It seems your parents were right. Too much loud music isn’t good for you.
US scientists say they have shown that age-related hearing loss – presbycusis – is mainly caused by damage to hair cells, the sensory cells in the inner ear that transform sound-induced vibrations into the electrical signals that are relayed to the brain by the auditory nerve.
This challenges the prevailing view of the past 60 years that age-related hearing loss is mainly driven by damage to the stria vascularis, the cellular “battery” that powers the hair cell’s mechanical-to-electrical signal conversion.
In other words, hearing loss is not so much a natural consequence of getting old, as the result of decisions made when young. In humans at least.
“It’s likely that if we were more careful about protecting our ears during prolonged noisy activities, or completely avoiding them, we could all hear better into old age,” says Charles Liberman from Massachusetts Eye and Ear, co-author of a paper in the Journal of Neuroscience.
The inner ear cannot be biopsied so the research team, led by Pei-zhe Wu, examined 120 specimens collected at autopsy, using multi-variable statistical regression to compare data on the survival of hair cells, nerve fibres, and the stria vascularis with the patients’ audiograms to uncover the main predictor of the hearing loss.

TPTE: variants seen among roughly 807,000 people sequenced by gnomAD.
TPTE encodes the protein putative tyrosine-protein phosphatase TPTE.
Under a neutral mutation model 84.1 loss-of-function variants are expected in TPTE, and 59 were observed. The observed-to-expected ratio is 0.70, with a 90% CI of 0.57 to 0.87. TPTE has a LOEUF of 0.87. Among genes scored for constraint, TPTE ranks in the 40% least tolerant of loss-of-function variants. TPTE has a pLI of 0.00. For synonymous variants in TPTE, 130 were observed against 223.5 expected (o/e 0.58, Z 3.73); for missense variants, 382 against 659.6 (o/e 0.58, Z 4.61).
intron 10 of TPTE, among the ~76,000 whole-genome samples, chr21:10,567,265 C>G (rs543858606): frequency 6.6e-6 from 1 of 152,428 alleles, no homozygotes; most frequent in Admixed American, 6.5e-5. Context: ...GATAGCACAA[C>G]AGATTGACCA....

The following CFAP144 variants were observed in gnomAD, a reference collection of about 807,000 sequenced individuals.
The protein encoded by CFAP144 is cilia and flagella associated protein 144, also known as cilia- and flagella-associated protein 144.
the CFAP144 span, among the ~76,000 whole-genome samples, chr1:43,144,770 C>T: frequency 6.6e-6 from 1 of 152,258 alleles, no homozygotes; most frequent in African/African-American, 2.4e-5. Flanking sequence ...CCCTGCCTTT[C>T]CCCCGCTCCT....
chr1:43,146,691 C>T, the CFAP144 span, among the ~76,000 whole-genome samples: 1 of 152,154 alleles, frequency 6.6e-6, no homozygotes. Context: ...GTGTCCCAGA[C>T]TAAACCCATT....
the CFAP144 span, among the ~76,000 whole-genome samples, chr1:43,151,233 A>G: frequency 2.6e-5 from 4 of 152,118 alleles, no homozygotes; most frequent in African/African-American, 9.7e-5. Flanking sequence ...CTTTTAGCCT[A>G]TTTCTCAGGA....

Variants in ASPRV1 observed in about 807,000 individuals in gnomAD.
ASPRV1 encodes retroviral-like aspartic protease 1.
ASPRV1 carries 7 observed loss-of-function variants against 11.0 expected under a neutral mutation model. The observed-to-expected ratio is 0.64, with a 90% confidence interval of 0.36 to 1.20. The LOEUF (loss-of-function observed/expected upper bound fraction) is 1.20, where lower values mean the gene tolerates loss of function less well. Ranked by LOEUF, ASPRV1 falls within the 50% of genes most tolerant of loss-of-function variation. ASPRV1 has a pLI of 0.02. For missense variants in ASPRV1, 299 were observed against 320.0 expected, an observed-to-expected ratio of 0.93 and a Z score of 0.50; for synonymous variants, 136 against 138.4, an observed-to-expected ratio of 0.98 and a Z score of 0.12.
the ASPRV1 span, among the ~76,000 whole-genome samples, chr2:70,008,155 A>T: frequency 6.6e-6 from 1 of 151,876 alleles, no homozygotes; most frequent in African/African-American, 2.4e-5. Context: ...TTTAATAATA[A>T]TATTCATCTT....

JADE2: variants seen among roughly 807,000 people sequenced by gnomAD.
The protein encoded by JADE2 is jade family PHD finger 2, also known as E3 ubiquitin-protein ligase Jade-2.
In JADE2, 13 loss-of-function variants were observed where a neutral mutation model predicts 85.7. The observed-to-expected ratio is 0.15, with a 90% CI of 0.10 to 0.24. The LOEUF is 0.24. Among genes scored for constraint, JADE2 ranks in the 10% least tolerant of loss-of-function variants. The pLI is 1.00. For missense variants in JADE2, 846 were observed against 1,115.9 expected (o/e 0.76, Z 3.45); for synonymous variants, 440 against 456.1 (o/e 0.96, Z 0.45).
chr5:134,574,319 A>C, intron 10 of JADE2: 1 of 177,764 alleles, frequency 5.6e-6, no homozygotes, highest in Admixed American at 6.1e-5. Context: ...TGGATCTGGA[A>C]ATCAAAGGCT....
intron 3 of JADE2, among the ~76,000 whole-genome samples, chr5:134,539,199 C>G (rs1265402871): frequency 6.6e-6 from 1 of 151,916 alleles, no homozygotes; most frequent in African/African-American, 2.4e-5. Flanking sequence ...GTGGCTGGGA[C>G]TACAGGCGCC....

They found that the degree and location of hair cell death predicted the severity and pattern of the hearing loss, while stria vascularis damage did not.
The researchers say the findings are good news given recent progress in the development of therapies to regenerate missing hair cells. No one is focusing on approaches to regenerate the stria vascularis.
And why have so many previous studies produced different results? Likely because they have used animals, which don’t experience the same auditory abuses (aka loud music) as humans.
In ageing laboratory animals, there is very little loss of hair cells, compared to humans, even at the end of life, the researchers say. However, there is prominent damage to the stria vascularis.
Curated content from the editorial staff at Cosmos Magazine.
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